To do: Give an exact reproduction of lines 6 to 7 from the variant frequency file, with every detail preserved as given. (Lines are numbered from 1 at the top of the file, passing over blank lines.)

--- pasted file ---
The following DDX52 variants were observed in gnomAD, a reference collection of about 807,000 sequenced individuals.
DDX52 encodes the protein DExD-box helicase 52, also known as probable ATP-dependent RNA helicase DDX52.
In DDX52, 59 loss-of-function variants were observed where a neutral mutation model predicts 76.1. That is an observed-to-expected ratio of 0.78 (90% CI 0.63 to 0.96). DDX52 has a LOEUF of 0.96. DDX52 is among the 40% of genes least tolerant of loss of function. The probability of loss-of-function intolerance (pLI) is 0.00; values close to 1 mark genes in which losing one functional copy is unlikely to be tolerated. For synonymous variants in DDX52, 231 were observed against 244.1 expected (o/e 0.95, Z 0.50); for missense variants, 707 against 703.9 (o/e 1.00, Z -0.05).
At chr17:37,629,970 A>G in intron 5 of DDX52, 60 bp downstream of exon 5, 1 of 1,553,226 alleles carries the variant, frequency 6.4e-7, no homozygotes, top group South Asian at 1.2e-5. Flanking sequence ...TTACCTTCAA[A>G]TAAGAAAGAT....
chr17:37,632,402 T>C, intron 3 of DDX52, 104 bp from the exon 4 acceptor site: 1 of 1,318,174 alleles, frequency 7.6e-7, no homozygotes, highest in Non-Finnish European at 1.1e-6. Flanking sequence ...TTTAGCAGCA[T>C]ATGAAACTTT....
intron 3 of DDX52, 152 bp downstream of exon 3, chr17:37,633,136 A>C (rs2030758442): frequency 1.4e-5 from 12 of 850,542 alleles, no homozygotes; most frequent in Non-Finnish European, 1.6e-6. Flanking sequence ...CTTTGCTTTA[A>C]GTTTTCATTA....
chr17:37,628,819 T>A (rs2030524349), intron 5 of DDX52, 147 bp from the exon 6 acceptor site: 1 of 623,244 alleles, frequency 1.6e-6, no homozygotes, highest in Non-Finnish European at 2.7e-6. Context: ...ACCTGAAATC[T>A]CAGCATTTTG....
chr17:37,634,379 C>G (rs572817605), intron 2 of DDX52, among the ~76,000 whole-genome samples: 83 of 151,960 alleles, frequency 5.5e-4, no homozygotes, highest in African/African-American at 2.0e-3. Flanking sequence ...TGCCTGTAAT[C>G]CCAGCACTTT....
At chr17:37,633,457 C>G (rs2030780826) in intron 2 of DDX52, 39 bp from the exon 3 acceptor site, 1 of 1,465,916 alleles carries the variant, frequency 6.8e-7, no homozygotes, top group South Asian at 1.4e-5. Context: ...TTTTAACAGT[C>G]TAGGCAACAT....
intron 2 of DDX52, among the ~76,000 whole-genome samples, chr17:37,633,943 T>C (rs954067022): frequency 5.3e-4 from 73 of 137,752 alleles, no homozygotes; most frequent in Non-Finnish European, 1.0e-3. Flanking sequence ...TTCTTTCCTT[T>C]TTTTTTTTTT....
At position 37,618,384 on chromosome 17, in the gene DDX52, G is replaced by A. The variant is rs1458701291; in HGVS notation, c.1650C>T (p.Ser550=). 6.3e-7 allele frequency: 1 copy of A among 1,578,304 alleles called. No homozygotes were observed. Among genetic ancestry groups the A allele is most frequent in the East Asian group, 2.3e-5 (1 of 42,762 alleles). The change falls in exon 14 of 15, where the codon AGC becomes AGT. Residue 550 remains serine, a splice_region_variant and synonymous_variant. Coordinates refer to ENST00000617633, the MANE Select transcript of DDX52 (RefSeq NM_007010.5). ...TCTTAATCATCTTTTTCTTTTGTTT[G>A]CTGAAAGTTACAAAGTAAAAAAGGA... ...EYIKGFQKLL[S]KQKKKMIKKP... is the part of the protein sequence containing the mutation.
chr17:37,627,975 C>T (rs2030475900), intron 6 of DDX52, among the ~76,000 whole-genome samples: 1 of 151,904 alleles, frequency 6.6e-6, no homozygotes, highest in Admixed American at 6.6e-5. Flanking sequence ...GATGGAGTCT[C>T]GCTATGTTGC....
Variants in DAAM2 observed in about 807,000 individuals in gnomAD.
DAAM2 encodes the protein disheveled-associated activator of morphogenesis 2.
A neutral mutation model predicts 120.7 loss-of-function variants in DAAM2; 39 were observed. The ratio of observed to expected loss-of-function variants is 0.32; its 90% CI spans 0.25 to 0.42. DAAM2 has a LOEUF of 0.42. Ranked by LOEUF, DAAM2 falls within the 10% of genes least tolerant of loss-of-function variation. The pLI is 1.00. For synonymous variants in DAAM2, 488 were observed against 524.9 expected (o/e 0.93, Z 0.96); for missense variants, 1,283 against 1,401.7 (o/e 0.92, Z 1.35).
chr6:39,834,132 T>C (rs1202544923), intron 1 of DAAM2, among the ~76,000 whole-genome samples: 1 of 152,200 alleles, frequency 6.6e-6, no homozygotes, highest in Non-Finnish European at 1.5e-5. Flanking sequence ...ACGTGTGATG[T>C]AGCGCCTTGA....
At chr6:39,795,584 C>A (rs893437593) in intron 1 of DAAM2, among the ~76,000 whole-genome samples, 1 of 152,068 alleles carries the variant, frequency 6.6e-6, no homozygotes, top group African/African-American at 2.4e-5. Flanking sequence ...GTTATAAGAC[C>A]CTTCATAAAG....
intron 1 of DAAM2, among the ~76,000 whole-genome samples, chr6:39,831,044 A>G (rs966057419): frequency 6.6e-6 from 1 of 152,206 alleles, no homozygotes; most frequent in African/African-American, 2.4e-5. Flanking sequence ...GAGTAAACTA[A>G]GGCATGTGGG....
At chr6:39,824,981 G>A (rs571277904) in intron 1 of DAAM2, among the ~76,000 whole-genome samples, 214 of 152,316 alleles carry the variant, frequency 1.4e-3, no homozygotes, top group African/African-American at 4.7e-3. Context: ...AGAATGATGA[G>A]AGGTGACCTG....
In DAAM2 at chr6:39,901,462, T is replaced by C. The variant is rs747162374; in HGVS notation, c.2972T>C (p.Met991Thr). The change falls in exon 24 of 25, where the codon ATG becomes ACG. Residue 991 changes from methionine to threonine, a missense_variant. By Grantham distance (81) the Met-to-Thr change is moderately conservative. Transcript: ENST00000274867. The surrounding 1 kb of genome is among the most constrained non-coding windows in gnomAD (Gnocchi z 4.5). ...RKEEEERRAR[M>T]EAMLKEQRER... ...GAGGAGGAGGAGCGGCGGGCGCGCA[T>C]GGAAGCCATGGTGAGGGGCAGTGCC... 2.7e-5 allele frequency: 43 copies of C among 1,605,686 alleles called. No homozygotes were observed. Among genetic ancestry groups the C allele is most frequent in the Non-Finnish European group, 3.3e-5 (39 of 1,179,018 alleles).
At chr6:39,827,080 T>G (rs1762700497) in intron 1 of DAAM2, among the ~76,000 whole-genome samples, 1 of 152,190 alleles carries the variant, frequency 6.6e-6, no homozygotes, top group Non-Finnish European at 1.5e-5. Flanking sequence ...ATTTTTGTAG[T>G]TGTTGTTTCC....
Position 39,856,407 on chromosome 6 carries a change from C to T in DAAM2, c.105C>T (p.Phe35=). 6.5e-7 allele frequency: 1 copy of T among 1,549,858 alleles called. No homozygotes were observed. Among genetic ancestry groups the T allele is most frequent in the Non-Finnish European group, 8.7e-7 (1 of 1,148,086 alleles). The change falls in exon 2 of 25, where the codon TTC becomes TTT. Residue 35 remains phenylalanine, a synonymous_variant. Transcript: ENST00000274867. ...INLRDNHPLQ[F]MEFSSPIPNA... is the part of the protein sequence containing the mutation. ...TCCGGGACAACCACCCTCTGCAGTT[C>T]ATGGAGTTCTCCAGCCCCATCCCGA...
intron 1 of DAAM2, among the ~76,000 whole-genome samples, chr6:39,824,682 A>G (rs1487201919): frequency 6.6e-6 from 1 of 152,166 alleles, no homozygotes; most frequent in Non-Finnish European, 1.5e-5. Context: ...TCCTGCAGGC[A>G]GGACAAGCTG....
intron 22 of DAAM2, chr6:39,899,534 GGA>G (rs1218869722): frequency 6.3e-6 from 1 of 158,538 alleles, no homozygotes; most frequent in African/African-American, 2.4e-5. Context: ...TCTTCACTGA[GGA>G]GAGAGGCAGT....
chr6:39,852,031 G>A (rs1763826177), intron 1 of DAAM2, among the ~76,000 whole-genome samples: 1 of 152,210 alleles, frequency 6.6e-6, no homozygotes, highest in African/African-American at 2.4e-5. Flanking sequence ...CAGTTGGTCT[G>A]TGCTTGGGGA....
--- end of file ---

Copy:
intron 3 of DDX52, 152 bp downstream of exon 3, chr17:37,633,136 A>C (rs2030758442): frequency 1.4e-5 from 12 of 850,542 alleles, no homozygotes; most frequent in Non-Finnish European, 1.6e-6. Flanking sequence ...CTTTGCTTTA[A>C]GTTTTCATTA....
chr17:37,628,819 T>A (rs2030524349), intron 5 of DDX52, 147 bp from the exon 6 acceptor site: 1 of 623,244 alleles, frequency 1.6e-6, no homozygotes, highest in Non-Finnish European at 2.7e-6. Context: ...ACCTGAAATC[T>A]CAGCATTTTG....